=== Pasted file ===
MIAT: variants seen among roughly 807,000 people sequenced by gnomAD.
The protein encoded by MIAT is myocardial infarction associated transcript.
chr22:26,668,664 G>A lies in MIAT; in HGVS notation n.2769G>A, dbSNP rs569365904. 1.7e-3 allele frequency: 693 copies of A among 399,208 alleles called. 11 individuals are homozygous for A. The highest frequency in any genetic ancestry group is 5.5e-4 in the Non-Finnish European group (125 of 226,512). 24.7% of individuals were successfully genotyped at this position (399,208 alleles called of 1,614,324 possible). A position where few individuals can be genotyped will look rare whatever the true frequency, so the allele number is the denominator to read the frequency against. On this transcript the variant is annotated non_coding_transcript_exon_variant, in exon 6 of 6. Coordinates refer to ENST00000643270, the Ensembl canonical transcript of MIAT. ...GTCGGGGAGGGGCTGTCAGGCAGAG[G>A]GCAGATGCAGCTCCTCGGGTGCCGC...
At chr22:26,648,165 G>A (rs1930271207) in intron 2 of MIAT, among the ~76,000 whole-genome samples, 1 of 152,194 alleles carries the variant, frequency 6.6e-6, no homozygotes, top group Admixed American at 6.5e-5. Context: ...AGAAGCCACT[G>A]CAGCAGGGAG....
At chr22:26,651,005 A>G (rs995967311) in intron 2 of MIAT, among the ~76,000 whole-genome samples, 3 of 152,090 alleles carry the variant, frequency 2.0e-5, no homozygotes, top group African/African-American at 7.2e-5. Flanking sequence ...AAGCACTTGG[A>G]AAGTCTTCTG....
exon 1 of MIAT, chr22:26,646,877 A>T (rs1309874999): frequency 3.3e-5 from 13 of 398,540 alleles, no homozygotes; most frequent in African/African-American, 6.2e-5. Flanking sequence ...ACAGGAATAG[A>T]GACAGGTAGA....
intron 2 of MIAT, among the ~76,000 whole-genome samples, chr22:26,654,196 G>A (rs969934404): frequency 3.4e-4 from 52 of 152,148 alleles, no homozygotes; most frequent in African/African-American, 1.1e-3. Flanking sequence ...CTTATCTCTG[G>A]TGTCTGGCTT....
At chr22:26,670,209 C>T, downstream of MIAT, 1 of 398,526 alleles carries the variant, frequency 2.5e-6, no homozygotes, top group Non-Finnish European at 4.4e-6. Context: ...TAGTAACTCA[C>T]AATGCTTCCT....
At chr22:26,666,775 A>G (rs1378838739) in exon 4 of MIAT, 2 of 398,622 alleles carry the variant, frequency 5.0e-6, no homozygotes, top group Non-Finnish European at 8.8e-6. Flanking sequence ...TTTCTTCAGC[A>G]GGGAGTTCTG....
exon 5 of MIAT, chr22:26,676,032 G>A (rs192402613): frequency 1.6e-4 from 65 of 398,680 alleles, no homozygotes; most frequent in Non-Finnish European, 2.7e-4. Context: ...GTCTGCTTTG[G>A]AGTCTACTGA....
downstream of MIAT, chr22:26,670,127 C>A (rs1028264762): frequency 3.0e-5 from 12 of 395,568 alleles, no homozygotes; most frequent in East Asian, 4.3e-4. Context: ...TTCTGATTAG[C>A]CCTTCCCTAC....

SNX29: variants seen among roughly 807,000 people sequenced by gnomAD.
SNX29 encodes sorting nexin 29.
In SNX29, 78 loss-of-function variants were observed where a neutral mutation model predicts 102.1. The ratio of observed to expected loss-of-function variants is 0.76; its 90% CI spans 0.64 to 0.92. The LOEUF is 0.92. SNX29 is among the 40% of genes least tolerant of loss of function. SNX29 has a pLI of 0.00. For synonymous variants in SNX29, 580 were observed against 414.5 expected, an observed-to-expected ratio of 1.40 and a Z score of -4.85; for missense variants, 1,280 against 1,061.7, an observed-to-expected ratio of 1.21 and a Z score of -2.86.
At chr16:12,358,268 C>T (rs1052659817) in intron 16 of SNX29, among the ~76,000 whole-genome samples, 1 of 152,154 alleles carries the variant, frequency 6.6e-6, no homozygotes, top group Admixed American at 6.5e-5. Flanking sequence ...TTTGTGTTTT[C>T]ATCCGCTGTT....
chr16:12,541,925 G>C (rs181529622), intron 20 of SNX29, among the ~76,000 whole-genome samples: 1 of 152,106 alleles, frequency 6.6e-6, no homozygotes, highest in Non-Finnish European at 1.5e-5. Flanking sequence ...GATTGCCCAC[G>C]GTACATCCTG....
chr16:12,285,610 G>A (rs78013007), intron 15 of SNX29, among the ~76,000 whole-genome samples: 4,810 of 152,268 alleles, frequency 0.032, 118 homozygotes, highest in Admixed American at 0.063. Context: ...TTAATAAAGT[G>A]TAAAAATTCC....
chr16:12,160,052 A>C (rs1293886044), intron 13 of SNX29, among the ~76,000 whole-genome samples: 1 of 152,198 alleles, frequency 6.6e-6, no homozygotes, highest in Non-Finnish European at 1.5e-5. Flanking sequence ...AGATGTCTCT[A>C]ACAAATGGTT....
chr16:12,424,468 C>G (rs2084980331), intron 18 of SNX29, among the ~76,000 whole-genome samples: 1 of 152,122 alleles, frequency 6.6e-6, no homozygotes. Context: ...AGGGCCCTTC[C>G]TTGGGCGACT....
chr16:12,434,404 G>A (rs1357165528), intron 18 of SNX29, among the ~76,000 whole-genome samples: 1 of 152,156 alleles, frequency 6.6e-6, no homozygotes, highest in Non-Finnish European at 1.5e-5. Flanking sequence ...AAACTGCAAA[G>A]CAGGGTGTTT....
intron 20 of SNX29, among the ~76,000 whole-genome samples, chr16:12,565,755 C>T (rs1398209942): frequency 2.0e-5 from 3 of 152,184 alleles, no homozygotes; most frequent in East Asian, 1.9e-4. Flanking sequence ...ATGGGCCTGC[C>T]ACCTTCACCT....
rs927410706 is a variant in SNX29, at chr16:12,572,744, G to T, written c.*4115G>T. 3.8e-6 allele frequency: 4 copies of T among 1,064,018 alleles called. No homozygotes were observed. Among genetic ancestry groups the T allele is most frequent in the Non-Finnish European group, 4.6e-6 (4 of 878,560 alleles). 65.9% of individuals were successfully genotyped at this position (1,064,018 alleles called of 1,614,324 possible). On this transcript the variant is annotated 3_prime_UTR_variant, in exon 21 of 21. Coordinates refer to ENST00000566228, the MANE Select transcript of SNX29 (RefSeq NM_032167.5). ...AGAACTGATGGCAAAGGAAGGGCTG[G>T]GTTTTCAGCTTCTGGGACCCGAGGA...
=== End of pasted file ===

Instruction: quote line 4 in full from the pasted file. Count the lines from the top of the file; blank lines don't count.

At chr22:26,648,165 G>A (rs1930271207) in intron 2 of MIAT, among the ~76,000 whole-genome samples, 1 of 152,194 alleles carries the variant, frequency 6.6e-6, no homozygotes, top group Admixed American at 6.5e-5. Context: ...AGAAGCCACT[G>A]CAGCAGGGAG....